Depeche Mode

 

Before playing on Saturday night at the BankAtlantic Center, one of the group’s founding members made time for a chat about the tour.

Depeche Mode
Dave Gahan of Depeche Mode performs during the 2009 Lollapalooza Music Festival. (Getty Images)
 

By Michael Hamersly
 
Like most internationally renowned rock groups, Depeche Mode has endured its share of internal drama. But on its recent world tour, which makes a stop Saturday night (Sept. 5) at the BankAtlantic Center in Sunrise, the seminal British synth-pop band has had to deal with lead singer Dave Gahan suffering from gastroenteritis, a benign bladder tumor and a freak leg injury from an accident at a gig in Spain.

It's no wonder Andy Fletcher, founding member and keyboardist of the group that gave us the hits "Personal Jesus," "Blasphemous Rumours" and "People Are People," sounds relieved to be back on the road, business as usual. He talks to us about what to expect from the tour, the beginning of the band, and the early departure of Vince Clarke, who went on to star in the bands Yazoo and Erasure.
 
How's the tour going so far, and how is Dave holding up? 
It's been a very strange tour. We've had some of the best gigs of our career, particularly in Paris and Milan, and the Hollywood Bowl we played for the first time. But some parts have been calamitous - we've had to cancel quite a few shows. But Dave is fighting, and all the ailments he's had are not there anymore. And he's singing very well at the moment, so we're very optimistic about getting to Miami [laughs]. We missed Miami last time, though - there was a big hurricane and we had to cancel because they didn't have enough police to do the show. This is actually the last show of the American tour, so it should be good.
 
What can we expect to hear?
We've tried to spread the set list throughout our career. But to be honest, the set list itself is becoming a problem each time we tour, having so many songs to choose from. It's very hard not to disappoint some fans. We're playing "Enjoy the Silence" and "Personal Jesus," but we're not playing "Just Can't Get Enough," for instance, on this tour. But the set list is good - we're taking some interesting old tracks from albums, mixed in with big hits, and obviously some tracks from the new album ["Sounds of the Universe"].
 
Depeche Mode has had a major influence on many of today's popular bands, from Pet Shop Boys to the Killers to Radiohead, and electronic acts such as Kruder & Dorfmeister and the Crystal Method. What influenced your sound back in 1980?
I think we were very fortunate that when we were about 16, punk really exploded in England with the Sex Pistols. And there was this whole feeling that you didn't have to be a fantastic musician to make a record. So that was a quite exciting period, when independent labels starting popping up. And after that, the electronic scene started, and we were big fans of Kraftwerk, obviously, and early Human League was very influential. We started off as a guitar band but then moved toward all synthesizers, and we were able to do that because it was the first time synthesizers had come down to a normal price, about 150 bucks.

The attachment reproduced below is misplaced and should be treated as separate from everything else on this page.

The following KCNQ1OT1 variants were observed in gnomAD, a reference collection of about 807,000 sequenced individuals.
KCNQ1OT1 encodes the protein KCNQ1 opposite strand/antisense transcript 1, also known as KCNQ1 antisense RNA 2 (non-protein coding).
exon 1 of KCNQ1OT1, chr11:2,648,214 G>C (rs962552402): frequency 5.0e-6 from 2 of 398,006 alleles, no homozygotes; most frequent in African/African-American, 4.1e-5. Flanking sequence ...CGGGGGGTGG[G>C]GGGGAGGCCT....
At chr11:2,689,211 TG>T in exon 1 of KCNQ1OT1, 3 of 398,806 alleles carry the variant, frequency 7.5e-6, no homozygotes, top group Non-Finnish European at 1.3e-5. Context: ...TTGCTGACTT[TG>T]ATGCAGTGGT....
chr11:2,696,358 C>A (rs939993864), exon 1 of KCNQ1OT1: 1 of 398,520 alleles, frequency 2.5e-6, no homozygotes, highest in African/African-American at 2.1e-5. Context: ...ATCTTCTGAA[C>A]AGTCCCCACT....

Do you remember having the feeling you were doing something groundbreaking?
I think we were, because Kraftwerk were using these big computers, and these we had were like small monophonic synthesizers. So yeah, certainly when we came over to America, we felt no one had seen it before.
 
What do you think of Vince Clarke's work with Yaz (Yazoo in the U.K.) and Erasure?
Well, obviously I'm a massive fan - I think Vince is one of the best songwriters Britain has produced in the last 30 years. It's an honor to have him as a friend and an honor to have been in a band with him - it was me and Vince who started [Depeche Mode]. Vince was the real driving force behind the band as well - he was so determined to be successful.
 
Would it be fair to say that his departure helped lead Depeche Mode to evolve into a darker sound?
Yeah, I think if Vince had stayed ... with Erasure and Yazoo, it's all pretty much the same, isn't it, the pop music with Vince's stamp on it? Looking back, with Vince leaving - you're right. Yes, it did, because Martin [Gore] is a much different songwriter. So I was lucky to be in a group with two great songwriters.
 
Are you still close with Vince?
We still count each other as friends. We don't come across each other very much - he lives in Maine now, believe it or not, in the real wilderness. He's always been a bit of a loner, so he probably likes that.
 
What do you think of Miami?
It's a big city, isn't it? I had a holiday there for a few days in South Beach, and we've always stayed at this hotel - I can never remember where it is. But we've always had a great time there, and we're lucky we have quite a few friends who live in Miami, so it's always good to get there.

Depeche Mode, with special guest Peter Bjorn & John; 8 p.m. Saturday, Sept. 5; BankAtlantic Center, 1 Panther Pkwy., Sunrise.
Tickets: 954-835-8000 or LiveNation.com; $36.75-$86.75, four-pack $119

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